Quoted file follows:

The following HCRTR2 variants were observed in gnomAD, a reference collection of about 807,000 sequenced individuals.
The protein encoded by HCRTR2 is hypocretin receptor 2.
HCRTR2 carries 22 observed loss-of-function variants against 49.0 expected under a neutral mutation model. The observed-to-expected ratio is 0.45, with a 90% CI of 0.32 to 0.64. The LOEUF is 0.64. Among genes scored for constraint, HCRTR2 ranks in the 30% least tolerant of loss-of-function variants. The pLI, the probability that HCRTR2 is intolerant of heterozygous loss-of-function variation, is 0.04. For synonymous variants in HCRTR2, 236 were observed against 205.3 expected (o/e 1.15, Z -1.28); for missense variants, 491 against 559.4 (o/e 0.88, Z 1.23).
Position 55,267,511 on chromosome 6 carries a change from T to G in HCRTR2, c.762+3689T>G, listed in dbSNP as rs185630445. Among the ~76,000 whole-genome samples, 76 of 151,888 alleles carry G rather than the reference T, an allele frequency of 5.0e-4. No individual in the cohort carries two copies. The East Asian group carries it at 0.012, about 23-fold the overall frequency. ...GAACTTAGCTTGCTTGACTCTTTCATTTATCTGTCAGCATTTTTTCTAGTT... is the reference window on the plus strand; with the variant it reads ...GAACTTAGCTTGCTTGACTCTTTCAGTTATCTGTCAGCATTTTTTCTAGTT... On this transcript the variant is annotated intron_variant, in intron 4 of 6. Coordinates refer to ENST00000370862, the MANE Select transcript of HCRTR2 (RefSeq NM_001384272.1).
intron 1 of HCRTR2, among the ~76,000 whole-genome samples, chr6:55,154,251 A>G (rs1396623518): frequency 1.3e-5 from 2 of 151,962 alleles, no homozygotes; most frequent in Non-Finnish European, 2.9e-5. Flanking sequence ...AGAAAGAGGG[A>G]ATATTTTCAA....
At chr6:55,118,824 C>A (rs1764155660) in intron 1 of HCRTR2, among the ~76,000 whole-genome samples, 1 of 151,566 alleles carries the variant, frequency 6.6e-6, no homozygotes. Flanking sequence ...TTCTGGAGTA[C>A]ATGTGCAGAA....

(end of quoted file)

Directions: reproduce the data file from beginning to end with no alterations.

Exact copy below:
The following HCRTR2 variants were observed in gnomAD, a reference collection of about 807,000 sequenced individuals.
The protein encoded by HCRTR2 is hypocretin receptor 2.
HCRTR2 carries 22 observed loss-of-function variants against 49.0 expected under a neutral mutation model. The observed-to-expected ratio is 0.45, with a 90% CI of 0.32 to 0.64. The LOEUF is 0.64. Among genes scored for constraint, HCRTR2 ranks in the 30% least tolerant of loss-of-function variants. The pLI, the probability that HCRTR2 is intolerant of heterozygous loss-of-function variation, is 0.04. For synonymous variants in HCRTR2, 236 were observed against 205.3 expected (o/e 1.15, Z -1.28); for missense variants, 491 against 559.4 (o/e 0.88, Z 1.23).
Position 55,267,511 on chromosome 6 carries a change from T to G in HCRTR2, c.762+3689T>G, listed in dbSNP as rs185630445. Among the ~76,000 whole-genome samples, 76 of 151,888 alleles carry G rather than the reference T, an allele frequency of 5.0e-4. No individual in the cohort carries two copies. The East Asian group carries it at 0.012, about 23-fold the overall frequency. ...GAACTTAGCTTGCTTGACTCTTTCATTTATCTGTCAGCATTTTTTCTAGTT... is the reference window on the plus strand; with the variant it reads ...GAACTTAGCTTGCTTGACTCTTTCAGTTATCTGTCAGCATTTTTTCTAGTT... On this transcript the variant is annotated intron_variant, in intron 4 of 6. Coordinates refer to ENST00000370862, the MANE Select transcript of HCRTR2 (RefSeq NM_001384272.1).
intron 1 of HCRTR2, among the ~76,000 whole-genome samples, chr6:55,154,251 A>G (rs1396623518): frequency 1.3e-5 from 2 of 151,962 alleles, no homozygotes; most frequent in Non-Finnish European, 2.9e-5. Flanking sequence ...AGAAAGAGGG[A>G]ATATTTTCAA....
At chr6:55,118,824 C>A (rs1764155660) in intron 1 of HCRTR2, among the ~76,000 whole-genome samples, 1 of 151,566 alleles carries the variant, frequency 6.6e-6, no homozygotes. Flanking sequence ...TTCTGGAGTA[C>A]ATGTGCAGAA....